The world felt more than a little bit exasperated last week, when the President of the world’s largest economy announced that they would be pulling out from the Paris Climate Agreement: a convention aiming to tackle the effects of greenhouse gases. Trump says its due to ‘a reassertion of American Sovereignty’, but under the surface of that its likely due to close relationships with oil, gas and coal companies, as well as a lack of understanding for a widely supported piece of science. Because if I didn’t fully appreciate climate change’s impact on the planet, I might be inclined to not want to be part of the Paris Climate Agreement either.
There is a district lack of STEM expertise present in government, in the UK only 9% of MPs and 20% of MEPs having a background in STEM. The lack of scientific thinking in politics can be a problem, not only because the politicians may lack the insight of the industry, but they also may not fully understand scientific concepts (which is evident in the Trump/Paris Climate Agreement debacle).
And America isn’t the only country where we should be concerned with the level of scientific ignorance in parliament. In fact, I am rather concerned about some attitudes in my home country of Wales. Andrew Haigh, UKIP’s national organiser for Wales, sells a product called “Aerobic Oxygen”. It is an industrial-strength bleach product that is told to have health benefits if used when cleaning your teeth. This is a man who wants to influence policy in Wales, including science policy, but clearing believes in and/or capitalises on a lack of scientific understanding.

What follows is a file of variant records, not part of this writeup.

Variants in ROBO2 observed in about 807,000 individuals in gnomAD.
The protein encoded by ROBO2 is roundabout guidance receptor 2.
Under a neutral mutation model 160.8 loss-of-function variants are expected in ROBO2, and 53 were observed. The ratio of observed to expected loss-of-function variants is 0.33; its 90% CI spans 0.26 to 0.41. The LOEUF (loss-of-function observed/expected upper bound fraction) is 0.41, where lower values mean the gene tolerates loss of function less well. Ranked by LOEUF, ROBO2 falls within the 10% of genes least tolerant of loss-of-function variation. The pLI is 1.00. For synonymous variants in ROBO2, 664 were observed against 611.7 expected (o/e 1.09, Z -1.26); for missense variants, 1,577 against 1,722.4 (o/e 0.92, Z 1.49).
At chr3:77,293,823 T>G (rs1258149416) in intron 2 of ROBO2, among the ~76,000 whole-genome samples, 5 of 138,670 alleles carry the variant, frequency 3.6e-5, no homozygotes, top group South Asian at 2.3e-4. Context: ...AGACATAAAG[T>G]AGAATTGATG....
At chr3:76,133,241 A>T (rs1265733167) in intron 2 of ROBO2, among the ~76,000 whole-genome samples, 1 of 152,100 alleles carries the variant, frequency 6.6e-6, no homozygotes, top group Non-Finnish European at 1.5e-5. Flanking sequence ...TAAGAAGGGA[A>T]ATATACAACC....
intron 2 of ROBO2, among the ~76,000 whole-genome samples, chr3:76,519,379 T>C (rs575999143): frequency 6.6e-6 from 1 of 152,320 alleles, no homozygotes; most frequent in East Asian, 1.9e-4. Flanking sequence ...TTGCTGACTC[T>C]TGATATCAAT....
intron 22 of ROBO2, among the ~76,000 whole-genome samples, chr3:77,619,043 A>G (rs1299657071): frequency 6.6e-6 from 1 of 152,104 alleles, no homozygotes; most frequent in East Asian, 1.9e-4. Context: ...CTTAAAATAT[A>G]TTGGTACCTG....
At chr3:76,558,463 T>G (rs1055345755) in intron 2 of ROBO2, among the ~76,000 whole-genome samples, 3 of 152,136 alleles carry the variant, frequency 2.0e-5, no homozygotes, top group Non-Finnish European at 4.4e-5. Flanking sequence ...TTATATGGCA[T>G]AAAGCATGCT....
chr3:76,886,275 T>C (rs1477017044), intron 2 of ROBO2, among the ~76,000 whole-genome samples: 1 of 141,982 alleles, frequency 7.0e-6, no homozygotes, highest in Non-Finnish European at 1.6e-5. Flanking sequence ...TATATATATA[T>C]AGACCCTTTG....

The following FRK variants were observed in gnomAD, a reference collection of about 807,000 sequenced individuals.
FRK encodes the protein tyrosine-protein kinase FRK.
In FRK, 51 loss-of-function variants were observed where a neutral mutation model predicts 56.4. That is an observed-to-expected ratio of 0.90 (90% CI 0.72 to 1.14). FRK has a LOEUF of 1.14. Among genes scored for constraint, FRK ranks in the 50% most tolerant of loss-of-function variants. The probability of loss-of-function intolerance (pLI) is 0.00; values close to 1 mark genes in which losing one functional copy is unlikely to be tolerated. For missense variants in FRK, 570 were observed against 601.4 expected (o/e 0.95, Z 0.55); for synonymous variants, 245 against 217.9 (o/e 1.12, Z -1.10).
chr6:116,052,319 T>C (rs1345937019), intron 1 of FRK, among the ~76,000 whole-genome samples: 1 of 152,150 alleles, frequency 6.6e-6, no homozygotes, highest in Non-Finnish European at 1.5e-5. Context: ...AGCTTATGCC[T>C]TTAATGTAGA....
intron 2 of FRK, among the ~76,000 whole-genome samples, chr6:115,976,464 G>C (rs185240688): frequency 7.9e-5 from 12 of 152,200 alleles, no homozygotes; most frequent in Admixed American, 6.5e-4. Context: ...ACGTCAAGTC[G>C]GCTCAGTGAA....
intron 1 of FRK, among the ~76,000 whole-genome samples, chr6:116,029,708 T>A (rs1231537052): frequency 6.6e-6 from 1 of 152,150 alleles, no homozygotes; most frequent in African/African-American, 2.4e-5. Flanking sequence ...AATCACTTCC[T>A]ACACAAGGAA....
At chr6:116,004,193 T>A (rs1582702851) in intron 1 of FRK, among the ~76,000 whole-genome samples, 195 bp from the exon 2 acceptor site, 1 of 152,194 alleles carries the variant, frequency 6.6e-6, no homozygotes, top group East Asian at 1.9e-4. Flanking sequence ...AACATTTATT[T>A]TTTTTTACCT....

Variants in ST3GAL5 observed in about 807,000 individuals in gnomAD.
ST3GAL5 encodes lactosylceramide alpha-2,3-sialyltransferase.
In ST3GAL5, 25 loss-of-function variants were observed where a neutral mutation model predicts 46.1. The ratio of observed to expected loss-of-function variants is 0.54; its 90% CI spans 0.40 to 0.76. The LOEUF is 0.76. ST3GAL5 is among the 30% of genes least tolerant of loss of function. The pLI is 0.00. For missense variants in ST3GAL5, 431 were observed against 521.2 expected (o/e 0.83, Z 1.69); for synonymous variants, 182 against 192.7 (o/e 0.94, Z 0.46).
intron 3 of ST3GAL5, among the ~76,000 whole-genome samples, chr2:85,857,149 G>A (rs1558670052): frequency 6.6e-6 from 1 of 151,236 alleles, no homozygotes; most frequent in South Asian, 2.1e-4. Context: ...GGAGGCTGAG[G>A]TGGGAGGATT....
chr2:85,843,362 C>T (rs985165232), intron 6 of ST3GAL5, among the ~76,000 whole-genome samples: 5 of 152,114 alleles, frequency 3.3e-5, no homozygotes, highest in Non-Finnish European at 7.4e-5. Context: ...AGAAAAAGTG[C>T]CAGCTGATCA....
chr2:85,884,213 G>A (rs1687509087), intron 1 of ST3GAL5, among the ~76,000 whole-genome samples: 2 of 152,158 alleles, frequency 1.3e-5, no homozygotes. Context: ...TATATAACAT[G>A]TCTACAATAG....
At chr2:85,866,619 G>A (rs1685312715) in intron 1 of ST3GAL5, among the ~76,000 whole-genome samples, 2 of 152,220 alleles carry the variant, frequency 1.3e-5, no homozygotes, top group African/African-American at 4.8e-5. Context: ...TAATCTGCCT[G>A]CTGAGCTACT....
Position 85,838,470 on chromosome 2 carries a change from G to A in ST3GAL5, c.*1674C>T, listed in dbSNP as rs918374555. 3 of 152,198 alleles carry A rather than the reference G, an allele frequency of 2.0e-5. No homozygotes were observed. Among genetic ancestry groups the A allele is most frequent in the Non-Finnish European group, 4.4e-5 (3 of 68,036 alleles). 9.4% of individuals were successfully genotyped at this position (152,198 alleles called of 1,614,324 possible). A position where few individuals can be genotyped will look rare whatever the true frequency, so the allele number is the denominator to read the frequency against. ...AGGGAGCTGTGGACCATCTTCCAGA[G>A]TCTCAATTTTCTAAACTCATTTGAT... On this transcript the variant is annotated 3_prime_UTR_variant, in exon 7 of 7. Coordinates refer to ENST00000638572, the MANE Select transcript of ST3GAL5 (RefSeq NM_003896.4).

The influence in science is crucial, as the miss-informed cannot create well-informed policies.
Scientists already work hard on engagement and scientific outreach with young children, and in light of recent events, it raises the question to whether scientists should also be investing time in outreach focused towards politicians. Because (and I would like to egotistically quote myself here): Misinformed politicians can lead to misinformed policies, which will not only impact scientific research community itself, but also how science research moulds our modern society.
Ultimately, it is likely that endless engagement would not have stopped Trump from pulling out of the Paris Climate Agreement, due to unquestionable invested interests. But it is fair to say that regular engagement with politicians about new research or outreach about scientific thinking could benefit governmental decision making. Or, for a less time-consuming and simple solution, we should encourage more STEM professionals to pursue a career in politics, to ensure that their expertise and understanding is well represented in political events.